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In an emotional Instagram video, singer Celine Dion last week announced that she was diagnosed with a rare neurological condition known as stiff-person syndrome.
“I’ve been dealing with problems with my health for a long time, and it’s been really difficult for me to face these challenges and to talk about everything that I’ve been going through,” Dion, 54, told fans in the video.
What is stiff-person syndrome? Carolyn Goldschmidt, DO, a neuroimmunologist with the NorthShore Neurological Institute, answered questions about the rare disorder:
How much is known about the disorder?
“It is a very rare autoimmune neurological disorder that affects 1 to 2 people per million in the population so it’s quite rare. Despite this, we have a pretty good understanding of what causes the disorder, how to diagnose it and how to treat it.”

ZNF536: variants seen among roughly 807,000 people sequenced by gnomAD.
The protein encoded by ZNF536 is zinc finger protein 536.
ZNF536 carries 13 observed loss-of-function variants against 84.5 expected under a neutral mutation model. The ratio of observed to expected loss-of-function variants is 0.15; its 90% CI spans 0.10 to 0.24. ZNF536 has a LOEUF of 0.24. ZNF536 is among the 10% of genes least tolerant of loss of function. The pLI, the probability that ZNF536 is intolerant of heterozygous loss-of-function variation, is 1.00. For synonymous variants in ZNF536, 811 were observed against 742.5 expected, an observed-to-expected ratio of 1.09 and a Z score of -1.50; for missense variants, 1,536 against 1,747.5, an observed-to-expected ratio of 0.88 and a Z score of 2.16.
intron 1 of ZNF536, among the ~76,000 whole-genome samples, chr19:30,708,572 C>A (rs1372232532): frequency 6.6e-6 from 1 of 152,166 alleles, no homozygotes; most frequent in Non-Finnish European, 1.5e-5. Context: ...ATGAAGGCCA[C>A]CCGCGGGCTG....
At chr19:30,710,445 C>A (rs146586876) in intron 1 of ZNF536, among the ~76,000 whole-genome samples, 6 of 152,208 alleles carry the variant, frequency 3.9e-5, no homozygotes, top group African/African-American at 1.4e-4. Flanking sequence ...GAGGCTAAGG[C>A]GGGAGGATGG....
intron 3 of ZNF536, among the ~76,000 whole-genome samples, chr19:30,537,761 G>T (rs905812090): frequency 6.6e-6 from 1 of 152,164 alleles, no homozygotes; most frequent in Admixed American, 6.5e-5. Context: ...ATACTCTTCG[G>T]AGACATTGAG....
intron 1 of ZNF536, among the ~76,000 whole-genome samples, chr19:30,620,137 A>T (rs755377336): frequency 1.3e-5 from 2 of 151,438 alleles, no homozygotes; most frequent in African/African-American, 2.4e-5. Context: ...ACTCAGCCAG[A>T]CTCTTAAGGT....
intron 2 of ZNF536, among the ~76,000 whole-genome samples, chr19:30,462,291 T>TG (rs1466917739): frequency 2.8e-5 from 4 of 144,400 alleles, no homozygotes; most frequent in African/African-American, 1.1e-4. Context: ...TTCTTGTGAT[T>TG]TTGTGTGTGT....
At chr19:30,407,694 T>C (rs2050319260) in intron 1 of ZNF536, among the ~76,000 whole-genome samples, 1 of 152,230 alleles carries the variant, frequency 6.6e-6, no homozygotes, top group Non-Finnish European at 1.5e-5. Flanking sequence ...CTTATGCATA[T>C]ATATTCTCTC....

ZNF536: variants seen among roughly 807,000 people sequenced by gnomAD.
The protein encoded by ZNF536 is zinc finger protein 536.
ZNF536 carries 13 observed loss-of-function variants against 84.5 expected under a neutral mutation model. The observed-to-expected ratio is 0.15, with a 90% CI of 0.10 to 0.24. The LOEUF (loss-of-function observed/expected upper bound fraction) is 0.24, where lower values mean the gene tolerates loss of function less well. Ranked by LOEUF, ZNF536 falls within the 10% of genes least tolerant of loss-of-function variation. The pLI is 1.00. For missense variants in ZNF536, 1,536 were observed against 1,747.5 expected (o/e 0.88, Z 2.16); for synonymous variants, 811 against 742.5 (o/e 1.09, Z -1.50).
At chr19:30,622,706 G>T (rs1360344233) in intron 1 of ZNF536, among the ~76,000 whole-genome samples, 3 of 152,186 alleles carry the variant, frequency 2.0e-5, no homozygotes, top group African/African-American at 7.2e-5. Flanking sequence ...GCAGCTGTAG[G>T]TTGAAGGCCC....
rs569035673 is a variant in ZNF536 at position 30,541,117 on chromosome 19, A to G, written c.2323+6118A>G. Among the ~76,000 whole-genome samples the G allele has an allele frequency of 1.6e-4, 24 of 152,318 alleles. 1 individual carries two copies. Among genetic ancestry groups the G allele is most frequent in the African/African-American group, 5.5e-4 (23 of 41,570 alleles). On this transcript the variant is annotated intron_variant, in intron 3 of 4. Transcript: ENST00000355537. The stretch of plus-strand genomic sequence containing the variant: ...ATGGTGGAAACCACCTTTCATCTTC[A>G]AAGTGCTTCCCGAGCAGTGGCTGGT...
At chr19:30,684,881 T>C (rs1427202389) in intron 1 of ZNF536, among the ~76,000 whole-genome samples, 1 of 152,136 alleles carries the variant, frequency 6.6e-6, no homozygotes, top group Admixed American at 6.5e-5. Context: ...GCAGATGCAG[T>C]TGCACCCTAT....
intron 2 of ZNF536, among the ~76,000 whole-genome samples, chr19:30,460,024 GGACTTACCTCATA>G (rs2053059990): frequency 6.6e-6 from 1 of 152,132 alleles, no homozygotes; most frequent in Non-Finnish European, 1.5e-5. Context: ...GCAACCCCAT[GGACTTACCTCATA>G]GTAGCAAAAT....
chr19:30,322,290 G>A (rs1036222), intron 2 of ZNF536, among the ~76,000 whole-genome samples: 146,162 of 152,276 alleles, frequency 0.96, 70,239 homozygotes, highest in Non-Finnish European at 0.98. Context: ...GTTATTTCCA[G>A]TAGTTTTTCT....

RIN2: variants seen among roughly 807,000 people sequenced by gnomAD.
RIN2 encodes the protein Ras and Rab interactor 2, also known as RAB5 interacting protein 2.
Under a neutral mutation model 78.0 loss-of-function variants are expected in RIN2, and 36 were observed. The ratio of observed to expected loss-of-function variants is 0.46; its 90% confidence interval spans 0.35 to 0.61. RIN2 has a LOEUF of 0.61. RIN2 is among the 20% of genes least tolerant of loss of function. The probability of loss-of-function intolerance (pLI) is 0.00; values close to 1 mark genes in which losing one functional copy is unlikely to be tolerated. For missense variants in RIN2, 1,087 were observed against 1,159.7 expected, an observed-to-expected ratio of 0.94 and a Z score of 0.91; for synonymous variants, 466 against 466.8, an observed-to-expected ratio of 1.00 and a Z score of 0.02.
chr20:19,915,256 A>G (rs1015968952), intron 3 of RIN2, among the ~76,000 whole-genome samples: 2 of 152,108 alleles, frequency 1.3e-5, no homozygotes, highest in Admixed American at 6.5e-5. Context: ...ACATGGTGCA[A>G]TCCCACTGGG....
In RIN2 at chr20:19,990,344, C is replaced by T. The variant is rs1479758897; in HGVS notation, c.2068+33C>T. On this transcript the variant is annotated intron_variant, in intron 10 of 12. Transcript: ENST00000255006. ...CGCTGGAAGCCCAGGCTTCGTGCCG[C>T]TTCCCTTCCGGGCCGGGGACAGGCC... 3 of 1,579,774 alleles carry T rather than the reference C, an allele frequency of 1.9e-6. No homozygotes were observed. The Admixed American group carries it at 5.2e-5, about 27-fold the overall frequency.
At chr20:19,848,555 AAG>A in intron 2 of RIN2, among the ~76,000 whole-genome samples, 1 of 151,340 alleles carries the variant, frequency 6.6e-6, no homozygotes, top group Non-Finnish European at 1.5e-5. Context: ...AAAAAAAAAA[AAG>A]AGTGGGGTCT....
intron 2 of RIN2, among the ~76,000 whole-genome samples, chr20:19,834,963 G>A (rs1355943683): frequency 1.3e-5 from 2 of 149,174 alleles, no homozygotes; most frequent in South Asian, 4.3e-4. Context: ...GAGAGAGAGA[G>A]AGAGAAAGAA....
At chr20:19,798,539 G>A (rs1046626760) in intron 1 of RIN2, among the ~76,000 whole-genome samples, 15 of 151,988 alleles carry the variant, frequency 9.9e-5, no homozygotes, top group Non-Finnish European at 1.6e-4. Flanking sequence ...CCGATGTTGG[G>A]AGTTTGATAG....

What is the cause?
“It is an autoimmune disease caused by an antibody known as glutamic acid decarboxylase or GAD65, so it’s an anti-GAD antibody that causes the disease. It does this by blocking the enzyme that leads to a loss of inhibitory muscle activity, which leads to an increase in muscle tone and muscle stiffness that can be very debilitating.”
Can someone recover from it?
“The prognosis varies from patient to patient. Some patients can have more mild symptoms that can be managed with relatively low doses of muscle relaxers. Other patients develop more severe symptoms and can eventually become bed bound. There are other treatment options for more severe cases if it gets to that point but sometimes it can be hard to predict what the prognosis will be, especially in the beginning of the course of the disease.”
What does it feel like?
“It’s a lot of rigidity, increased muscle tone, stiffness, making it hard to move, hard to walk and you can have painful muscle spasms as well. Those symptoms are treated with muscle relaxer medications.”
To learn more about the NorthShore Neurological Institute or to make an appointment,, call us at 877.570.7020 or click here.